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Discussion Starter · #1 ·
I thought I might start a thread of interesting stories of how NAV/BT were put to good use.

About a month ago, my church had a fall festival. My friend needed me to give him a ride for last minute donations from various area businesses. He wasn't given much preparation: no phone numbers of the businesses, no exact addresses. He didn't even have exact names for a few.
Well, there was one restaurant we wanted to stop in at the end of our route, but we were hoping to know if they had anything for us. We couldn't remember the exact name of the restauraunt, no address, no phone number. We only had the street and general area.

So, I pull up the NAV, set it up to display restaurant POI's, point the map to the general area the restaurant was supposed to be, and VOILA! We now have the restaurant name, address, and phone number. A couple more button pushes, and my phone was dialing the restaurant using the car's BT.

So what's your story?
 

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Okay this is a bit of an opposite story.. more of a.. WHERES MY NAV :(

So my BF was out of town, and his dog was having leg pain to the point she wouldn't stand. He asked me to take her to the vet and I said, sure no problem! He was trying to tell me where the Vet's place was, and I brushed him off, I said I'd find it.. because in the Prius, I've got my NAV system.

Well, when I finally went to leave for the vet and picked up the dog, I then realized as I was carrying this 60 pound Dobie to the car.. that my BF had taken my car up north and I had his beamer.. with no.. NAV.. *cry*

To make things worse, when I finally headed for the vet, I had no idea where it was besides an intersection given to me by my BF, and ended up passing it twice before realizing where the dang place was.

Needless to say. I love my NAV.. but at the same time I feel crippled by it.

P.S. The vet was only two blocks away. :X
 

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Phish Phood said:
Needless to say. I love my NAV.. but at the same time I feel crippled by it.
I'm in this category too. I took Amtrak to Denver with my kids. We stayed at the Hyatt in downton. I rented a car from Hertz, a block away. I usually get the nav but they don't offer it in their local offices so the car didn't have it. I didn't feel like navigating the old fashioned way so we took taxis everywhere. I returned the car 3 days later with the odometer having registered no miles and paid over $200.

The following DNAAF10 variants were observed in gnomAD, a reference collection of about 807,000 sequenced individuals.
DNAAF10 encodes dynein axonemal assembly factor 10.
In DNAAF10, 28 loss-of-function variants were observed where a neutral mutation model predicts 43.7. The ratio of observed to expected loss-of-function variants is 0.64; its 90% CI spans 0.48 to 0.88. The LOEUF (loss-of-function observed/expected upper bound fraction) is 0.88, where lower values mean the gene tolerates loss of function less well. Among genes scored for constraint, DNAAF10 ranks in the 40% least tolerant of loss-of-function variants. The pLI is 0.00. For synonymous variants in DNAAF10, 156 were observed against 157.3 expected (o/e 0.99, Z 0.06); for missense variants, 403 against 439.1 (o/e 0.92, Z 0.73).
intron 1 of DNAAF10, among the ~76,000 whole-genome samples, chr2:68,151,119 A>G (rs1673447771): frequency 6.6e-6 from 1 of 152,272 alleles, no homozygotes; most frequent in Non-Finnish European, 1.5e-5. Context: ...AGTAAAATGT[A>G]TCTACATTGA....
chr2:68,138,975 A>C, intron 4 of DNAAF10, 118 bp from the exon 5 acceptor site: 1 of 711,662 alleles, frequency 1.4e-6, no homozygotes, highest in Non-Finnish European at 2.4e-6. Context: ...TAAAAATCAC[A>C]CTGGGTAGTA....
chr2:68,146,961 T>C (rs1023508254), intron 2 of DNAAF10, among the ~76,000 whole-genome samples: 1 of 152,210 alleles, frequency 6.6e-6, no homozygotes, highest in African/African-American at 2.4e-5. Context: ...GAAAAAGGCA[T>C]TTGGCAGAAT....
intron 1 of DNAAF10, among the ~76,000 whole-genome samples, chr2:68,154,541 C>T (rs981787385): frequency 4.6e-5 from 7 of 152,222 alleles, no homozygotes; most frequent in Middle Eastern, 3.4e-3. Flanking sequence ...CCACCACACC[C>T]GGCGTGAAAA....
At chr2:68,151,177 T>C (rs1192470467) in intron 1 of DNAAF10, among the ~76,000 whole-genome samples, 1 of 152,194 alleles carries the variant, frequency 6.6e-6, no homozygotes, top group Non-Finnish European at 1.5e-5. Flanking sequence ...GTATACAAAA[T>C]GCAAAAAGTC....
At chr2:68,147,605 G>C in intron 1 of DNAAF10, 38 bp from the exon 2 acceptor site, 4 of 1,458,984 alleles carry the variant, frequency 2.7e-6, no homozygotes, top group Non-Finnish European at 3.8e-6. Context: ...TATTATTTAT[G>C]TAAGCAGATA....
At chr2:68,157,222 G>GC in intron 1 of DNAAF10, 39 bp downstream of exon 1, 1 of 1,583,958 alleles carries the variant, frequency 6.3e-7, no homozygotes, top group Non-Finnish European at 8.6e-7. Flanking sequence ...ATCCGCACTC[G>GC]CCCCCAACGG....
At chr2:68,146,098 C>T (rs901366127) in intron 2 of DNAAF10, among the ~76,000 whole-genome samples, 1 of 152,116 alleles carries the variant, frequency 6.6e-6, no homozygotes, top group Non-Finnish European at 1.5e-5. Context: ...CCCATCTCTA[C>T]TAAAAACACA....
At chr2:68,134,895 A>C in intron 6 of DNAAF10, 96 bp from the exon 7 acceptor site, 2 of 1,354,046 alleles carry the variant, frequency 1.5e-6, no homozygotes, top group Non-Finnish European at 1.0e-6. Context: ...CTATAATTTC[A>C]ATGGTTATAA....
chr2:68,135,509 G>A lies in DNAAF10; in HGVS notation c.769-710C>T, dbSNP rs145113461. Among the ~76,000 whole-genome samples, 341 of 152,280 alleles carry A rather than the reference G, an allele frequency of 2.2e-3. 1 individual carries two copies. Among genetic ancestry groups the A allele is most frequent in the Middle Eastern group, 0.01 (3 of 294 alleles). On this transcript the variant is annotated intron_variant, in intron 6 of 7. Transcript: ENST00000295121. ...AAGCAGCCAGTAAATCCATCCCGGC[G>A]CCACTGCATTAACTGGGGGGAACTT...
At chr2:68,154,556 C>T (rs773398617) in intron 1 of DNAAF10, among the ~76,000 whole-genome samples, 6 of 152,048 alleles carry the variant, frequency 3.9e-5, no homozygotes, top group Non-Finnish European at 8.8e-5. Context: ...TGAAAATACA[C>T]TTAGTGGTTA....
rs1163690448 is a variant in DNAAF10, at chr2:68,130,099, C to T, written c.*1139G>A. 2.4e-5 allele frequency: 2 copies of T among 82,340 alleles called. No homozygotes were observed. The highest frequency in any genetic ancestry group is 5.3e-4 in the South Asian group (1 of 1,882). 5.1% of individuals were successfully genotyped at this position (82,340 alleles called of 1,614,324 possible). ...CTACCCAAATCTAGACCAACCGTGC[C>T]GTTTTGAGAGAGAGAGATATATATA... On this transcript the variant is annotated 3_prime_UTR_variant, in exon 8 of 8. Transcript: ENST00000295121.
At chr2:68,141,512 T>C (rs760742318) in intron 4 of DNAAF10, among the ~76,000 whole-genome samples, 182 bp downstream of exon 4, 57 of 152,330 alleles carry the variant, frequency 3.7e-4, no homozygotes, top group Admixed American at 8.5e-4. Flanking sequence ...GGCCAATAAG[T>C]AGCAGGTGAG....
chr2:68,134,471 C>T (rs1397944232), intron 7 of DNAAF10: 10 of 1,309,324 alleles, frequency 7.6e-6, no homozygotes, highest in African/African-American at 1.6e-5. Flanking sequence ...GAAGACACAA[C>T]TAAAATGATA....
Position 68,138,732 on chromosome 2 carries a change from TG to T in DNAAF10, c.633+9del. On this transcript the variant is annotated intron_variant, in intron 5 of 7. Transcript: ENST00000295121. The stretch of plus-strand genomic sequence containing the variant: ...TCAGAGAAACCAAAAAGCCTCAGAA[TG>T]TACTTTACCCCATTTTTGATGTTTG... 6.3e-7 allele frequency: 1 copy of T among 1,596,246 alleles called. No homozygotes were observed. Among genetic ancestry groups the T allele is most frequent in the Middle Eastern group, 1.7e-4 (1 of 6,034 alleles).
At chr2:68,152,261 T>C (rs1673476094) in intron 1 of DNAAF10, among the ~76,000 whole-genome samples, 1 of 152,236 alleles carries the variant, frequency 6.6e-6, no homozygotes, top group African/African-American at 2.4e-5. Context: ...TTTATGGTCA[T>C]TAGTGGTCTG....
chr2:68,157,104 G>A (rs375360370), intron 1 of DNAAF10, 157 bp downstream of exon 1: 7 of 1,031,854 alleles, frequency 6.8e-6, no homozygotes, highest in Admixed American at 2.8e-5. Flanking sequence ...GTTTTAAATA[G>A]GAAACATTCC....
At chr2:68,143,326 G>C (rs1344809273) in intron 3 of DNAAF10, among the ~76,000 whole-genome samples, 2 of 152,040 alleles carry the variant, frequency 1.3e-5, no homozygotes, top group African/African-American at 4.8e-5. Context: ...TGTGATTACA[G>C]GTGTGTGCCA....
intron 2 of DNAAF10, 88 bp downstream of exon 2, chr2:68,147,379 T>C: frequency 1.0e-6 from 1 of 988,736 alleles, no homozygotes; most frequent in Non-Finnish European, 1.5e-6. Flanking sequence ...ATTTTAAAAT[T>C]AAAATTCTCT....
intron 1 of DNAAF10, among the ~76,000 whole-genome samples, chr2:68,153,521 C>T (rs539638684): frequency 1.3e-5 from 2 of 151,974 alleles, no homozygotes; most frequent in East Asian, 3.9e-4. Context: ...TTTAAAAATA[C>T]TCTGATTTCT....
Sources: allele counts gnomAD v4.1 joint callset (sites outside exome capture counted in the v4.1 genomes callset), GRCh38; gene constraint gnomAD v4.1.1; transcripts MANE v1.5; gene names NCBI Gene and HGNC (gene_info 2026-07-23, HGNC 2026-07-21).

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When my A/V receiver started having audio problems again, about 1.5 years after having gone to the regional (local) repair shop for a similar issue, I knew it was time to take it in again...

The problem was, I couldn't remember the name of this hole-in-the-wall repair shop (the only authorized shop in the state, last I checked). The old receipt was buried deep in a receipt box with all the rest of my credit card receipts, and how could I search for it if I didn't know the name of what I was looking for?

I did remember that it took forever of digging through website information to find the shop in the first place... and I wasn't about to try navigating through that again...

But I did remember the general location of the place, that it was next door to a nice Japanese hibachi grill. So, off to the Prius w/Nav. Wow, must've been a good Japanese restaurant, as my husband had even saved it as a waypoint/POI. So we have the Prius' Navigation system drive us to the Japanese restaurant, and yep, right next door is the repair shop! :) We then made another waypoint for the repair shop, should we ever need it again (like to pick up our receiver once it's fixed).

(one darn IC chip liked to burn out on my model of A/V receiver...)
 

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I was traveling home with my wife, mother, and mother-in-Law from Virginia. In WV, you can get off I-64 and cut into Ohio on US 35. Well, the road was closed by a crash and it was 17 miles back to the bridge to the other side of the Kanawha river.

I fired up the NAV and saw there was a couple of country roads that would take me around the crash. Started following the country road, which became a gravel road, which became a cowpath. All the while, the NAV said we were on a road. When I ended in someones yard (only place to turn around- cue the "Deliverance" banjo music) I got back to where I started and did the 17 miles back.

NAV is truly "Garbage in/ Gargage out".